If you have the surname Pelan, you may have wondered at some point as to where it came from, or what it means. You will also have noticed it is rare - you may never ordinarily meet, communicate with or even know about another Pelan outside your own family. Of course, this depends where you are, for there are three regions from which Pelans appear to originate:
Ireland - Mainly Ulster; notably around Lambeg, Lisburn & Belfast
France - Largely Brittany around Finistère - where Pélan is also seen.
"Eastern" Europe (e.g. Czech Republic, Slovakia, Austria) - where Pelán is also seen.
There are historical records of Pelans in Sweden and Finland but there are so few I would consider that these people are migrants from one of the above regions or that their names are corruptions of other surnames, like Palén. There is also the possibility that the family name of one region has been transferred to another via migration at any point over many hundreds of years. It is also possible that the surnames have arisen entirely independently and are similar purely through chance homophonic convergence. DNA testing can provide insight into this which is why it is such an essential element of this research.
My research started off with an attempt to discover where the Pelans in Ireland came from. It became clear from the registration data of the 19th century and some other documents that the further one went back in time, the more concentrated the family became around Lisburn and Lambeg. I also looked at migration records and found people in 19th century Canada called Palen but whose ancestry pointed towards Lambeg - these had to be Pelans in disguise. The DNA study then had some clear facts to establish and, after much recruiting, indeed it did - the Palens were clearly Pelans, but an unexpected twist pointed towards the surname Paling / Payling as found in Nottinghamshire and Yorkshire in England. Going back through the Ulster records, it became more conclusive that indeed there had been Palings in Ulster but the name had changed - indeed it had never been spelt consistently. It is thus highly likely that Pelans in Ulster are descended from an English migrant(s) that settled in Lambeg in the early 17th century at a time of great inward migration from England and Wales. What cannot be eliminated is the possibility that there was a Pelan-like surname already in the region when the settler(s) arrived. Furthermore, genetic studies have shown that some descendants from Lambeg are called Pelling.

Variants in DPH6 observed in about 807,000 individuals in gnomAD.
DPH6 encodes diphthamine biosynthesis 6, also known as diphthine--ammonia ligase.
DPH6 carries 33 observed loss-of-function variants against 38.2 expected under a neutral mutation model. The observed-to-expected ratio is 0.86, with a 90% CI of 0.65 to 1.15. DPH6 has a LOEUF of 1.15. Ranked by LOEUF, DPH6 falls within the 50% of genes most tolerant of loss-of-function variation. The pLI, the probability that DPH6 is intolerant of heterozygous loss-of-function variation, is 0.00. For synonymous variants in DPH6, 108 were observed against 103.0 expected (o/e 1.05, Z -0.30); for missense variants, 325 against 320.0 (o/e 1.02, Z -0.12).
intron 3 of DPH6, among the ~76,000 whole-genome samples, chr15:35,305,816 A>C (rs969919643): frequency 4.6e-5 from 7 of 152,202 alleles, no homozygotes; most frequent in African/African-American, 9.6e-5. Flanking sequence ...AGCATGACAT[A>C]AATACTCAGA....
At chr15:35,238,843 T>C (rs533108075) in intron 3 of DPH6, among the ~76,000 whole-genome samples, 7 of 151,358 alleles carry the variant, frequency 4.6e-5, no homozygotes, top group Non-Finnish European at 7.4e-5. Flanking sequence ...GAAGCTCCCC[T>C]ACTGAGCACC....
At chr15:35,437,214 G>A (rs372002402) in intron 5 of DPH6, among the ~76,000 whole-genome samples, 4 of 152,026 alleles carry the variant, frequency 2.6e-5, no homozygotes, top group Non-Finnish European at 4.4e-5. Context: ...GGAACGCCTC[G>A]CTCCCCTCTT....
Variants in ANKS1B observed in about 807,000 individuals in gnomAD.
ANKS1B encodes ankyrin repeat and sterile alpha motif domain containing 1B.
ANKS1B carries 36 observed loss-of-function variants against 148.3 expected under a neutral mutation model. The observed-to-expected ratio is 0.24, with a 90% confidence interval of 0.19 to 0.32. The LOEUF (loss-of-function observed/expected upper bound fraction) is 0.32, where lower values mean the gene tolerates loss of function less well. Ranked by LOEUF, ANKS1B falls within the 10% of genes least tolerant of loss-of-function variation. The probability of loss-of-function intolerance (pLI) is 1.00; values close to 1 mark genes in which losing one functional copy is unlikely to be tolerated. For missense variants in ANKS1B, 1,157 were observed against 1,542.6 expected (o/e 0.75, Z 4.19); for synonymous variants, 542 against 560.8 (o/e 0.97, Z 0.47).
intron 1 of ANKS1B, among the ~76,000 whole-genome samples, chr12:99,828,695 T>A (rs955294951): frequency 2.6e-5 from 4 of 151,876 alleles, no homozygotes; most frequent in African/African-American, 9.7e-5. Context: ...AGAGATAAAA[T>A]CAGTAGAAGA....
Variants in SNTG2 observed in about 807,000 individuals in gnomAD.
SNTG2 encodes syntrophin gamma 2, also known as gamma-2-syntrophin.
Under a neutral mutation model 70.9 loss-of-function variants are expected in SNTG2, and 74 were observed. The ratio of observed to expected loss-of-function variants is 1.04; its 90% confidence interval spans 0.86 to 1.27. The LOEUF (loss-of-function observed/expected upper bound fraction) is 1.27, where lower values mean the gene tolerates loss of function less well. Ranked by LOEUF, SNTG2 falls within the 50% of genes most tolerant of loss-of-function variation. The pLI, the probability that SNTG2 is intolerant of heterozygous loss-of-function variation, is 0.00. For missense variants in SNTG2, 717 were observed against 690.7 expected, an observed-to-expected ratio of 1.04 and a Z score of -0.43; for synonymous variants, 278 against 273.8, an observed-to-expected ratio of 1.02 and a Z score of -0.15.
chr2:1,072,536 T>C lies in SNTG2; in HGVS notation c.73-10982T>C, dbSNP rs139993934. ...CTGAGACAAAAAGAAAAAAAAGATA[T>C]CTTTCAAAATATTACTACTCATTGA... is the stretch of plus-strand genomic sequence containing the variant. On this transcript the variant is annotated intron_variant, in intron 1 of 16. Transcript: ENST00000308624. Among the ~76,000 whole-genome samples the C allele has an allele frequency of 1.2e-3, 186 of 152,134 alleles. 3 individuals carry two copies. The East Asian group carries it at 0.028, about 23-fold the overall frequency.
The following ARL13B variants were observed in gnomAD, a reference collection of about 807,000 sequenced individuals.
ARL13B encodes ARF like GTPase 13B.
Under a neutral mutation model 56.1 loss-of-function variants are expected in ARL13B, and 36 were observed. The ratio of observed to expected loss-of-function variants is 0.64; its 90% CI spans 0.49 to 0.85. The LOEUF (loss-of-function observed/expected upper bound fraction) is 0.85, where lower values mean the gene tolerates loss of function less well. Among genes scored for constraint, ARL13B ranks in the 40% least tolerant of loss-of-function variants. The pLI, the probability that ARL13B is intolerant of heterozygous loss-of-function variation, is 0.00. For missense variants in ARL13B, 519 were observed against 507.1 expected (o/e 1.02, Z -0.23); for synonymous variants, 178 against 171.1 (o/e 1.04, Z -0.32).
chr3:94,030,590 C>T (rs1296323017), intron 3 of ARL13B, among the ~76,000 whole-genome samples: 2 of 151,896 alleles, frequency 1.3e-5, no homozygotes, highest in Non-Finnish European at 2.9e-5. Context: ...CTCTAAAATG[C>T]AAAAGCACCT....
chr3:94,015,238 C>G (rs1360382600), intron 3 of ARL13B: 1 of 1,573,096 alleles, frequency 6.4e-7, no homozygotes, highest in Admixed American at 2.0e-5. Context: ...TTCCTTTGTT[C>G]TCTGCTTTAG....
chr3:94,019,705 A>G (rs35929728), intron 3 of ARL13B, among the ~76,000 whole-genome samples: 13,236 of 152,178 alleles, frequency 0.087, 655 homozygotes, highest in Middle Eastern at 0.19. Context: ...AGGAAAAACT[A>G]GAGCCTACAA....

The Pelan name in France seems to come from Brittany (Bretagne) and is likely to be a variant of Pellan. There are quite a few entries for Pelan in the French telephone directory concentrated in Brittany.
I am very keen for Frenchmen with the surname Pelan or Pellan to participate in the genetic genealogy project.
Czech - Pelán / Pelan
I will use the term "Czech" as a shorthand to describe those Pelans from a region which includes, but is not limited to, the Czech Republic, Solvakia, Slovenia and Austria. Indeed, the spread of the Pelan surname in Eastern Europe seems to cover much of what was the Austro-Hungarian empire.
The Dictionary of American Family Names has an entry for Pelan which gives two Czech definitions:
from a derivative of the Old Czech personal name Pelhřim.
nickname from pela ‘cheerful’, ‘happy-go-lucky fellow’ .
Many surname etymologies are difficult to prove (and indeed there are two different ones presented here) but this entry does show (presumably) plausible derivations and which are notably independent of any French or Irish origins. Chance convergence has thus given rise to an identical surname.
A Mr. Petr Pelán has kindly contacted me. He suggests that that the Czech surname is found largely in Moravia and he also pointed out the Czech "Home Office" statistics, which says there are about one thousand people called Pelán and one hundred called Pelan.